Saturday, June 26, 2010

Big Sports Markets Thrive

BY SCOTT MORGANROTH

During the past 12 months, the network executives of FOX, NBC ABC and CBS had to be gleaming.

When was the last time the top three television markets won major championships to compliment a feel good story? Never! Read the rest of this blog and you'll see the "feel good story of the century."

In November, FOX hit a home run with two historic franchises as the New York Yankees defeated the Philadelphia Phillies. The Yankees won their 27 championship and opened up their new stadium the same way they opened up their old one.

The No.1 media market in the country prevented the Phillies from repeating as World Champions.

The No.2 media market in the country, Los Angeles, won its second straight NBA title and earned revenge over the Boston Celtics, which defeated the Lakers two years ago. ABC had the opportunity to see superstar Kobe Bryant earn his fifth championship and he matched Lakers legend Magic Johnson.

ABC had a dream scenario as this series went seven games as the Lakers emerged with its 16 championship in franchise history, trailing the Celtics (17) by one for the most in NBA history.

I'll bet that ABC never thought it would see the Lakers and Celtics meet for the second time in three years since the Celtics had to defeat the Miami Heat led by Dwyane Wade, LeBron James' Cleveland Cavaliers and the defending Eastern Conference Champions Orlando Magic, led by Dwight Howard. But ABC got lucky as it had the biggest rivalry in Pro Basketball.

When the Detroit Red Wings and Pittsburgh Penguins met in the Stanley Cup Finals with each team winning a title on the others home ice, the NHL had to be thrilled as the model franchise faced it's upcoming star Sidney Crosby for two seasons in a row.

How could you top this when the Lakers and Celtics were battling on ABC? There had to be a lot of nervous executives at NBC as the Montreal Canadiens and San Jose Sharks were marching their way through the playoffs.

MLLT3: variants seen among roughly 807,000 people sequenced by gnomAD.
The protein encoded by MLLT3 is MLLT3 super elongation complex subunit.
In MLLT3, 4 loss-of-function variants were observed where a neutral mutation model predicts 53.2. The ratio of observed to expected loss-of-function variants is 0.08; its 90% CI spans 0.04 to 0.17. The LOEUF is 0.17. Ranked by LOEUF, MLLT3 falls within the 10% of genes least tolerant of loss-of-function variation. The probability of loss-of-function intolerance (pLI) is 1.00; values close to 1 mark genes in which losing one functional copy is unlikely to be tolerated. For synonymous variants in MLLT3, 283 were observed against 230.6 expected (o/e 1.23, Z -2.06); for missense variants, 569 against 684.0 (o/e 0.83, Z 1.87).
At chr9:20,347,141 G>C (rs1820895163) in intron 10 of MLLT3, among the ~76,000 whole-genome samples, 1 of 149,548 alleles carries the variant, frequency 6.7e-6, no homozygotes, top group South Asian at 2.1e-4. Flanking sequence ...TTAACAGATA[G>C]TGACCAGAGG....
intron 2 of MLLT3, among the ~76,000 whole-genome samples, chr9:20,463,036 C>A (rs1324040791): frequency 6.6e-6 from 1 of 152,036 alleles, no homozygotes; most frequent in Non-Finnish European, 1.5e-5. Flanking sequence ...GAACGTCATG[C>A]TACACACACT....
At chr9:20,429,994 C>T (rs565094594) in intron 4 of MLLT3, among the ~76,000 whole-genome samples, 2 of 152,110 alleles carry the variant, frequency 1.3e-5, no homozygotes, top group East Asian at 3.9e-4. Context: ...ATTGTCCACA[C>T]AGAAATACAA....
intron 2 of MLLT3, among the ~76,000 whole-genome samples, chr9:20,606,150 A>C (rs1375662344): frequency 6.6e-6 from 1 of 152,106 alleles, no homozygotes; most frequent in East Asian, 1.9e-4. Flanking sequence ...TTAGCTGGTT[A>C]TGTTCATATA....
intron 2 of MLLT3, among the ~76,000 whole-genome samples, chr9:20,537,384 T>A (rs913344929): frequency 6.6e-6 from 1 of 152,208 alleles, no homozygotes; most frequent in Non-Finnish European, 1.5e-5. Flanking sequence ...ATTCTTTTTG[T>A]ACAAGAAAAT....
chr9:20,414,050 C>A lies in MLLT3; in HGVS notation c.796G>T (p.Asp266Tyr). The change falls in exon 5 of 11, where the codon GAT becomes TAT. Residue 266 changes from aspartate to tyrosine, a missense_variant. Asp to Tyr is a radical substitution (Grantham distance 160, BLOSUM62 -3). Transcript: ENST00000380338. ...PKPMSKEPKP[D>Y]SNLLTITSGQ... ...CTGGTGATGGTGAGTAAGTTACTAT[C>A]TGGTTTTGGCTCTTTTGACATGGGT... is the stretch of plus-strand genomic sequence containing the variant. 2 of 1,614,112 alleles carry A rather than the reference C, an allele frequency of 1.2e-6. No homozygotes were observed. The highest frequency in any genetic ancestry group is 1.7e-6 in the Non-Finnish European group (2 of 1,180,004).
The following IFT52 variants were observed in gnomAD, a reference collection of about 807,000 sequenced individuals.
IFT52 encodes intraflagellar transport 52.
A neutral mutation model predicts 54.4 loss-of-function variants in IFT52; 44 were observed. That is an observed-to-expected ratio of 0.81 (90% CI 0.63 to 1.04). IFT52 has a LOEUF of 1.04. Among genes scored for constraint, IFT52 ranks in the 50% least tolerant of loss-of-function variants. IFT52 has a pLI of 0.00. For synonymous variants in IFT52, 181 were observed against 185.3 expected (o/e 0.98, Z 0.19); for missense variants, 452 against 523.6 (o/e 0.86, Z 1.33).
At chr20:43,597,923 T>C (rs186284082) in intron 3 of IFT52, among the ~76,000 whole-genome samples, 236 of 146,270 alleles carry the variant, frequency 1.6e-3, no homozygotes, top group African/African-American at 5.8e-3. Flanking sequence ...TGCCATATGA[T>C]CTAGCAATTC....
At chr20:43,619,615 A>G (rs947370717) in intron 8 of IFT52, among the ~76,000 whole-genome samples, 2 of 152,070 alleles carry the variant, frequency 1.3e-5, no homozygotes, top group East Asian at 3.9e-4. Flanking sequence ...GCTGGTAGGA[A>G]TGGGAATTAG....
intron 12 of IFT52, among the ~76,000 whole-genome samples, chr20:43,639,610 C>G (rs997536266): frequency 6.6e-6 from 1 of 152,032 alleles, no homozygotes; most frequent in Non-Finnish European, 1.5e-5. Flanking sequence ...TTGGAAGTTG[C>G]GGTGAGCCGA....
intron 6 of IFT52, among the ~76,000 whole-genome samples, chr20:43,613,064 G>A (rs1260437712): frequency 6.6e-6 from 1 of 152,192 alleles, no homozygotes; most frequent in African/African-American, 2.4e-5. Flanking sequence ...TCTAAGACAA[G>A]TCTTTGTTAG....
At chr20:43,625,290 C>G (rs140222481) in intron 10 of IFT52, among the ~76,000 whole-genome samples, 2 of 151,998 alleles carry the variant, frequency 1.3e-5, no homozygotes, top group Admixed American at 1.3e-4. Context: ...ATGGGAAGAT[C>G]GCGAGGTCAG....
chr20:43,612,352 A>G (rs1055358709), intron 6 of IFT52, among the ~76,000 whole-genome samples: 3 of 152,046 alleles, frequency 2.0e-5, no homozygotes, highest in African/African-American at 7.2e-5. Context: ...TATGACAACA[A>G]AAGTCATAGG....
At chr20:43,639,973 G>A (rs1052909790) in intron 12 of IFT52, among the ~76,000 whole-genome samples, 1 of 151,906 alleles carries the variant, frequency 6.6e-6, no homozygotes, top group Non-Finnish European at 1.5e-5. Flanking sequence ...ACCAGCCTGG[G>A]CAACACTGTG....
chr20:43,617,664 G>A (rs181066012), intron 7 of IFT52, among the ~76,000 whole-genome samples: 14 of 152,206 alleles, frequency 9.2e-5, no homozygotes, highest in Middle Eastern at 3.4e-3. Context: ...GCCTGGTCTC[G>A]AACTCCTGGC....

But when the Chicago Black Hawks and Philadelphia Flyers match-up materialized, this six game series was a battle of long championship droughts.

The Flyers won a pair of titles during the "Broad Street Bullies" era in the mid 1970's. Meanwhile, Chicago's last championship occurred in 1961.

The Black Hawks, playing in the No.3 media market in the country turned the city of Philadelphia into a runner-up again by winning the Stanley Cup Championship. An Original Six team ousted an Original 12 squad.

For years, CBS held the rights to NFC games and televised the New Orleans Saints when they were known as the "Aints" and the fans wore bags over their heads at the Louisiana Superdome. The quarterback was Archie Manning.

In February, the New Orleans Saints won their first Super Bowl by defeating the Indianapolis Colts 31-17. The signal caller for the Colts happened to be Archie's son Peyton.

No Big Market teams were needed as the Saints triumph was the "feel good story of the century" after the area was blasted by Hurricane Katrina.

These four Championships saw two franchises enhance their traditions, while two others finally broke through. The Black Hawks broke a drought and Saints won their first.

In the end, each network made out quite well in the past 12 months in all professional sports.

During "March Madness" CBS was fortunate enough to have Duke playing Butler in the NCAA Championship Game.

It's was a good six week period for Indianapolis based teams while even though Philadelphia came up short twice, the City Of Brotherly Love still had a lot to cheer about.

It will be neat to see what transpires during the next 12 months but what I do know is that with these three top media markets, their respective parades produced some very large turnouts downtown as well as excellent television ratings.

There were nothing but winners during the past 12 months in sports.

Scott Morganroth can be reached at scottsports33@aol.com and his blog can be read at www.scottsports33.com.

Monday, June 21, 2010

Inside The Jungle

BY SCOTT MORGANROTH

The last football game I saw was a dandy as the New Orleans Saints defeated the Indianapolis Colts 31-17 in Super Bowl XLIV on February 7, 2010 at Joe Robbie Stadium in Miami Gardens, Florida.

On Friday Night, it was nice to see the pigskin flying around again. And it was flying around often as the Orlando Predators defeated the Jacksonville Sharks 70-48 at the Amway Arena in Central Florida.